The Fight Over Wireless

What the world of wirelss could mean: Instant CCTV access, plus scores of consumer applications


Wireless Internet access means more than being able to check your e-mail at Starbucks. Imagine if the town you live in transformed into one gigantic wireless hot spot overnight. You could feed parking meters with your MasterCard instead of hunting for quarters. Utility companies might read meters in real time and pass the savings on to customers. The next time you saw a pothole, you could instantly e-mail a camera phone photo to city hall.

Municipal wireless wouldn't just make life easier for citizens "it has the potential to save lives. Firefighters would be able to turn traffic lights green as they race to put out a blaze. Police could tap into a bank's surveillance cameras to get a head start on cracking a heist. And emergency responders would be able to communicate during a natural disaster or terrorist attack, a need that became obvious in the aftermath of 9/11 and Hurricane Katrina.

According to a recent study, the United States has dropped to 16th in the percentage of citizens with access to broadband, trailing South Korea, Canada, Israel, and Japan, among others. There is consensus across the political spectrum that we need to go wireless "and fast. The disagreement is about who will cover the country with hot spots: big government or big business.

Public-private partnerships like the one in Philadelphia probably won't be the model for the rest of the country. After Philly announced its intention to provide citywide wireless last year, Verizon spent more than $3 million to lobby the state government to pass a bill preventing cities and townships in Pennsylvania from offering broadband or wireless services unless the phone company has refused to do so. More than a dozen states have similar statutes on the books that make it difficult for government to get into the wireless broadband business. Florida Gov. Jeb Bush signed a law in June that prevents municipalities from offering broadband if there are competing private services. Nevada bans most cities and counties from offering telecommunications services. Texas flatly prohibits it.

Companies like Verizon, Sprint, AT&T, and SBC don't want citywide wireless broadband because they'd much prefer the wireless market to look like the cell-phone market. Instead of wireless becoming something akin to a public utility, the telecom companies envision a pastiche of providers divvying up the market much the way cell-phone providers have carved up the United States. If you want wireless broadband, you may have to subscribe to a local phone service or accept a slew of services you don't want. And even if the country is blanketed with wireless, you might have to pay roaming charges to access competitors' networks. In the end, you'll probably end up paying more than with muni broadband, not to mention that emergency responders crossing from one network to another won't be able to communicate as efficiently.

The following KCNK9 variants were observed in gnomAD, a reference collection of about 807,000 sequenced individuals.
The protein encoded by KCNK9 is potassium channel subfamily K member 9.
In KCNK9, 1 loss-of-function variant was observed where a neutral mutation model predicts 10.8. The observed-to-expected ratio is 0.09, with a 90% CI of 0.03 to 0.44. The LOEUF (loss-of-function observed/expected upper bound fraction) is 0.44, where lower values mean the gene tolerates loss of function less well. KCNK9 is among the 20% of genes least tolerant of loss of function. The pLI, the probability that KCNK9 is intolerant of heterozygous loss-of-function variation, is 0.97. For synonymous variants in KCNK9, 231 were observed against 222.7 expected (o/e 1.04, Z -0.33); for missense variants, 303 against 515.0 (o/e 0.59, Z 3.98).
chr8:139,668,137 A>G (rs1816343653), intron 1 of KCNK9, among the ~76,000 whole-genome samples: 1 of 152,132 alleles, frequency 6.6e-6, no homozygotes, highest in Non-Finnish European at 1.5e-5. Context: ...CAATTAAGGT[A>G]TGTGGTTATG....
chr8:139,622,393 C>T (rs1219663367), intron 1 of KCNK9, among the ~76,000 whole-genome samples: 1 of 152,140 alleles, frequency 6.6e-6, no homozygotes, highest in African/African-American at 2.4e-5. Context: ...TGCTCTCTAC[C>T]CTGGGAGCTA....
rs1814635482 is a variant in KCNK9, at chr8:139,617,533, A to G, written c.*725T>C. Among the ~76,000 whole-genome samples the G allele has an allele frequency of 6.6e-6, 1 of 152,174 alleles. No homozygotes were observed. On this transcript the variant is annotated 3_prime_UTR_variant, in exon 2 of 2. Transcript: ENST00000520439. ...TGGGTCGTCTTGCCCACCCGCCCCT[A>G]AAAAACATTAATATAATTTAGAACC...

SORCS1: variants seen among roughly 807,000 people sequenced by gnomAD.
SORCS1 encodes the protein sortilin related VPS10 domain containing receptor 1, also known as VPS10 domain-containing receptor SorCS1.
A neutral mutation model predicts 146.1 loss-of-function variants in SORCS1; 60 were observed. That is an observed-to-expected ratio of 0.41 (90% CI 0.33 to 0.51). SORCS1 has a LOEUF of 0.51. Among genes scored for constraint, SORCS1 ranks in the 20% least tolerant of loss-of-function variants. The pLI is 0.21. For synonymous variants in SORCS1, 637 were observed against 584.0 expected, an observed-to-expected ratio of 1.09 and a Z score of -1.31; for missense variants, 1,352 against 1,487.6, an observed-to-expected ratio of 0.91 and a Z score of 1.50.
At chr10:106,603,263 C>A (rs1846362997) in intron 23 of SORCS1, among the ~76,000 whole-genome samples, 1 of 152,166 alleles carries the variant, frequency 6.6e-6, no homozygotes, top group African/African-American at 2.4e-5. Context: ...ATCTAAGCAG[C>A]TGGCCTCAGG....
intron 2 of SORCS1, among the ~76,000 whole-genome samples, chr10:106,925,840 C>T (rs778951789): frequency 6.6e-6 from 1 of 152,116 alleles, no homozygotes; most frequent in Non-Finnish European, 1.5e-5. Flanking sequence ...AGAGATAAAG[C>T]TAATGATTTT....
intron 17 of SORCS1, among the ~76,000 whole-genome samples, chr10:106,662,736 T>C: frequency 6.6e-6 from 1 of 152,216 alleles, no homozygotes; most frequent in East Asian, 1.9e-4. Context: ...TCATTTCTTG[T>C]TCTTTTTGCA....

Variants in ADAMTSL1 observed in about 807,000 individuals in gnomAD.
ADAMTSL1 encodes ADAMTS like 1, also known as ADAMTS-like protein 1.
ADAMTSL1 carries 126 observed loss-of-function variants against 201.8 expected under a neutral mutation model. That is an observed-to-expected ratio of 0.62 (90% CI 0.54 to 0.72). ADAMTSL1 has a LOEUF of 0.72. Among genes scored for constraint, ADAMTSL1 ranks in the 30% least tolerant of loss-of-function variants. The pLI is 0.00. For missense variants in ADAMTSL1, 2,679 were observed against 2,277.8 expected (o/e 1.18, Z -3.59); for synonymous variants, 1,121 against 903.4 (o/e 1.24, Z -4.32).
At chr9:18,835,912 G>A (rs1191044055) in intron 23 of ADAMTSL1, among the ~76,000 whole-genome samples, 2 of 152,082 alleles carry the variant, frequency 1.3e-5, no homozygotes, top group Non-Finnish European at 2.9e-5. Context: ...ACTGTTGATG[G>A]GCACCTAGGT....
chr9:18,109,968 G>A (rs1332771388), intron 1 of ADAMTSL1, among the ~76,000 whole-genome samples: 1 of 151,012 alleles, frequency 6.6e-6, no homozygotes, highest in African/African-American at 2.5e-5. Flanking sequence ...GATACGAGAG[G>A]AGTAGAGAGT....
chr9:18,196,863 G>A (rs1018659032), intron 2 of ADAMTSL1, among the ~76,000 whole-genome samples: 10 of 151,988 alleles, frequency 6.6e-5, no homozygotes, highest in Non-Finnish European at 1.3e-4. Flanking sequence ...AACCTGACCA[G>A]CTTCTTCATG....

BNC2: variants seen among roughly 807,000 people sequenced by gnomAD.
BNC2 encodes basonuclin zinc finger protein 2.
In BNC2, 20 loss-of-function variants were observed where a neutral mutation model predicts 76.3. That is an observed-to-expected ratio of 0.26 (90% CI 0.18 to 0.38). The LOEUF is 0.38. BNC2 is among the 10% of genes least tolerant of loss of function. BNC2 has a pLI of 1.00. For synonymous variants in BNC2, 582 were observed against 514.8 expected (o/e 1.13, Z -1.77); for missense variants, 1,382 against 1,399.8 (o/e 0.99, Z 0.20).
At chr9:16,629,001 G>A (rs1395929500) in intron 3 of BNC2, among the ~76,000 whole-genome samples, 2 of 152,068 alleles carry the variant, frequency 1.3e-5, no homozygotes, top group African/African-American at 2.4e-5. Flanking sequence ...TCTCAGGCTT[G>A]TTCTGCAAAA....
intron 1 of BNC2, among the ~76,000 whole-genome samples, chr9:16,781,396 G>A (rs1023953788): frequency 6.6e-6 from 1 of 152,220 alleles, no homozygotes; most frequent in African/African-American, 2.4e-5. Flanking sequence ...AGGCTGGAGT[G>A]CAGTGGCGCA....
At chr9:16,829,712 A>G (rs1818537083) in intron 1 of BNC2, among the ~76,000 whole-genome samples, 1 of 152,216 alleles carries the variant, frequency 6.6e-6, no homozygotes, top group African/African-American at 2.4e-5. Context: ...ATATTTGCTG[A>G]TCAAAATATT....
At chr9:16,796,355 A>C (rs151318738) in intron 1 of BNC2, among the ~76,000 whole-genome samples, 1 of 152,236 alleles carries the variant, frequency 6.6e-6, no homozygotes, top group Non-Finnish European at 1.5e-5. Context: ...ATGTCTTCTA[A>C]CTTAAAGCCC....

Verizon lobbyists helped draft Pennsylvania's anti-wireless statute in 2004. That law, in essence, gave Verizon veto power. After the legislation passed, Philadelphia officials were forced to negotiate with Verizon so they could proceed with their wireless plan. After much public outcry, the company agreed to a settlement.

It's not just state politicians who are promoting the interests of the telecommunications industry. Rep. Pete Sessions, R-Texas, a former SBC executive, introduced a bill in the House of Representatives earlier this year that would prohibit state and local governments from offering telecommunications services unless the area wasn't being served by a private company. According to Sessions' House financial disclosure forms from 2003 (the most recent year they were available), he has between $500,000 and $1 million in SBC stock options.

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